Chipped Tooth: Can It Be Repaired?

Perhaps you got a chipped tooth while eating a hard food item or playing a sports game. A little tender and somewhat mobile chipped tooth surely affects your smile. But can it be repaired and can its function be restored?

Key takeaways:

What causes teeth to start chipping?

A chipped tooth is a result of a tooth fracture. Tooth fractures should be treated immediately so the tooth can restore its function. Most tooth fractures are in the upper jaw and front teeth, i.e., central incisors, lateral incisors, and canine teeth.

Tooth fractures are commonly caused due to oral trauma in sports injuries, accidents, and sometimes physical violence. As such, tooth fractures are more common in children than adults. However, permanent teeth are chipped more commonly than milk teeth. Males are more commonly affected as compared to females.

In road traffic accidents, dental injuries from airbag explosions were quite common. Another common type of traffic accident was bicycle accidents among school children. Among sports activities, American football, hockey, ice hockey, lacrosse, martial sports, rugby, and skating are high-risk activities, while basketball, team handball, diving, squash, gymnastics, parachuting, and water polo are considered medium-risk sports.

Tongue or lip piercings lead to traumatic dental injuries, and about 19% of people with tongue piercings have experienced chipped teeth. Another reason for dental injuries that is not widely discussed is domestic abuse or child abuse. Sometimes it is the dentist who suspects child abuse, but in a survey study, only approximately 9% of dentists reported child abuse.

Occasionally, a tooth may get chipped during certain emergency medical procedures. For instance, intubation is a medical process in which a healthcare professional puts a tube through a patient’s mouth or nose to maintain the airway for breathing. In previous literature, few cases of chipped teeth after intubation have been reported. In such cases, a chipped tooth can be treated later after the patient stabilizes.

Types of dental trauma

The World Health Organization has provided a classification of traumatic dental injury. These injuries are usually associated with a chipped tooth.

  • Injuries to the hard dental tissues and the pulp.
  • Injuries to the periodontal tissues.
  • Injuries to supporting bone.
  • Injuries to gingiva or oral mucosa.

These categories have several subtypes: enamel fracture, complicated crown fracture, and intrusive luxation.

Treatment of chipped tooth

Treatment of dental trauma can be complicated, and the prognosis may be uncertain. For a dentist, treating trauma may not be a routine procedure. It requires training for precise diagnosis, emergency management facilities, and a patient’s willingness to follow up for a successful outcome.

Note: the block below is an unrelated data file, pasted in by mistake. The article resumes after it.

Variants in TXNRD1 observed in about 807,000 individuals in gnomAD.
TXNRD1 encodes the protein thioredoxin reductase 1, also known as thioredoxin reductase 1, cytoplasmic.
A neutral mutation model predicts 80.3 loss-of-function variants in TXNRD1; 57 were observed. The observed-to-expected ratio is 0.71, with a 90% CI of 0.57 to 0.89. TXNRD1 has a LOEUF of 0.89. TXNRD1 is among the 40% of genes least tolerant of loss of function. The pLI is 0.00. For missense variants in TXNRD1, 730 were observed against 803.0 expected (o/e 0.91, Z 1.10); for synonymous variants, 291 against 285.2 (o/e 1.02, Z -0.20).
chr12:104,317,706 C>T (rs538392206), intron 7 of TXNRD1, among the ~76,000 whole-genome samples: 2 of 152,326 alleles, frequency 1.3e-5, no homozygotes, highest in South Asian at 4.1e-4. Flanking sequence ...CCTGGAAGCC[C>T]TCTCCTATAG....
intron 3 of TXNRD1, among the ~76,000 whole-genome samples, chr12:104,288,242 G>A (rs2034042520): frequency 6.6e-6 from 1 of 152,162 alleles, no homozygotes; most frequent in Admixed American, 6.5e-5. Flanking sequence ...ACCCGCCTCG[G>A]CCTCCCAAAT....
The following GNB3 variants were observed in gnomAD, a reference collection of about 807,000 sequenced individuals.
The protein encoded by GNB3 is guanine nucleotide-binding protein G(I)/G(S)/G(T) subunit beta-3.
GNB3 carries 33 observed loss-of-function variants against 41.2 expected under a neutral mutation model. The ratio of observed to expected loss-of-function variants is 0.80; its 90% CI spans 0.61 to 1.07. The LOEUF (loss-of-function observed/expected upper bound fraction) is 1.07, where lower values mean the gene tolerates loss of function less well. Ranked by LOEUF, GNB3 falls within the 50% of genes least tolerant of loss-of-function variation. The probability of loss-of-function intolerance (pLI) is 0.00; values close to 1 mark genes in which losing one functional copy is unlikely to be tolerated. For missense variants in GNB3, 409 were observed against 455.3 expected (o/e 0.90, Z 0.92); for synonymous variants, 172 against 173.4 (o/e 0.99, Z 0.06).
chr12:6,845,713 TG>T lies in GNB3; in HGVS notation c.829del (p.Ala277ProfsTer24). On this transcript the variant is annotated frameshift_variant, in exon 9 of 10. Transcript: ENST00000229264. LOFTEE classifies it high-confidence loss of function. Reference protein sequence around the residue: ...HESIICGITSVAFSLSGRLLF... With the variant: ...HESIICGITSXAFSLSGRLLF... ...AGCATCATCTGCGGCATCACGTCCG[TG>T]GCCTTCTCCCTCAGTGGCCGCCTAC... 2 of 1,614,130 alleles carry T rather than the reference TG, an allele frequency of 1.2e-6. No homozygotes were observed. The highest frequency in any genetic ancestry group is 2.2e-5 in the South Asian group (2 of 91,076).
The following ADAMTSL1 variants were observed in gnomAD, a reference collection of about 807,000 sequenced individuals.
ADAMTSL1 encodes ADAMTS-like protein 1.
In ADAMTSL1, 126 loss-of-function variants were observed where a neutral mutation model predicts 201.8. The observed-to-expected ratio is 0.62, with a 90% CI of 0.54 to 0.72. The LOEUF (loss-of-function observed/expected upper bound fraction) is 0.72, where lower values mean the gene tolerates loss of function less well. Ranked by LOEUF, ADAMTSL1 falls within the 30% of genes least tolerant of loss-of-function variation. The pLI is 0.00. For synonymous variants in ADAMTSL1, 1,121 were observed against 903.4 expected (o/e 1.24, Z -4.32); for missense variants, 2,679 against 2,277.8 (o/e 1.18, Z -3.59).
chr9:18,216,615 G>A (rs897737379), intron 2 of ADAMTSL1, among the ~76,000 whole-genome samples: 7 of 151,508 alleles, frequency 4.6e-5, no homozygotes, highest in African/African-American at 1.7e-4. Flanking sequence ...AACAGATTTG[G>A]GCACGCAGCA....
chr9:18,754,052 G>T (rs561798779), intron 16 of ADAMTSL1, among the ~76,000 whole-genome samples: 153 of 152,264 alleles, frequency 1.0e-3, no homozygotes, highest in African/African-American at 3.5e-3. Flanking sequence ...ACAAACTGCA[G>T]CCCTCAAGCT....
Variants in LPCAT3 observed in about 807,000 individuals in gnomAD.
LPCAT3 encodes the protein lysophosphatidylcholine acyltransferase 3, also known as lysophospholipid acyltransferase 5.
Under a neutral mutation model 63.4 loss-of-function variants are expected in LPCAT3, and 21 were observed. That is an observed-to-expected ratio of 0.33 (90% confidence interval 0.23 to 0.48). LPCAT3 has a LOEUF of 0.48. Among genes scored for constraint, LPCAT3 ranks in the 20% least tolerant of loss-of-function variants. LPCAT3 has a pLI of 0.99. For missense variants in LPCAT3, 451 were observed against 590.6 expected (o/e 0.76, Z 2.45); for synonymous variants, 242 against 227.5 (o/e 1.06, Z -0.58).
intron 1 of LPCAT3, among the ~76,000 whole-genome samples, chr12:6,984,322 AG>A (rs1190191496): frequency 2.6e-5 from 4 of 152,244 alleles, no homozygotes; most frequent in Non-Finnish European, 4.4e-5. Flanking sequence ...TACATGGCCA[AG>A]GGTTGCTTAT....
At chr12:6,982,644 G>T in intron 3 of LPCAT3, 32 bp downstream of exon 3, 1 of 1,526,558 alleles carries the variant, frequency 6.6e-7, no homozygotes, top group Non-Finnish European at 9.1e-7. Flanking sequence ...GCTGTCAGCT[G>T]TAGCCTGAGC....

Although an x-ray may be done for diagnostic purposes, some cracks may not be visible in the image. Dentists must do a thorough visual and oral exam using a microscope that magnifies up to 8 times and shadow-free light.

Multiple dentistry specialists may be needed to treat chipped teeth associated with conditions such as luxation. Hence the number of visits for treating chipped teeth may range from one to nine.

The treatment of chipped teeth can be expensive. This often causes avoidance or delay in the treatment. But chipped teeth can have a negative psychosocial impact on the patient. It affects the facial appearance of the patient. Hence, starting the treatment as early as possible is usually recommended.

Furthermore, complications such as a crown, fistula, or periodontitis discoloration can occur. In crown fractures, harmful oral bacteria may enter the wound and cause infection. As a result, inner structures such as dental pulp may become inflamed and later may cause necrosis of tissue around the tooth.

Treatment of dental fractures usually starts with the management of associated symptoms. For example, getting control over bleeding if there is bleeding. A cold compress may be necessary to manage swelling and pain. Analgesic drugs may also be prescribed for managing pain.

Several treatment options are possible depending on the diagnosis of a chipped tooth. For instance, no further treatment may be necessary for the enamel craze line fracture. Dentists may suggest monitoring the fracture and periodic routine check-ups. A dentist may polish the tooth or place a direct restoration in case of a cuspal fracture.

If the extent of tooth fracture is more involved, then a crown may be placed on the tooth structure, or endodontic treatments may be necessary. In some cases, when multiple teeth are involved, a denture may become necessary. Whereas in certain extreme cases, tooth extraction may be necessary.

Any other associated conditions such as inflammation or jaw fracture may be treated as necessary. In the case of primary teeth, a chipped tooth is treated promptly so that the eruption of permanent teeth can be a smooth process. If patients have oral piercings, then they are educated to maintain oral hygiene and reduce dental fractures.

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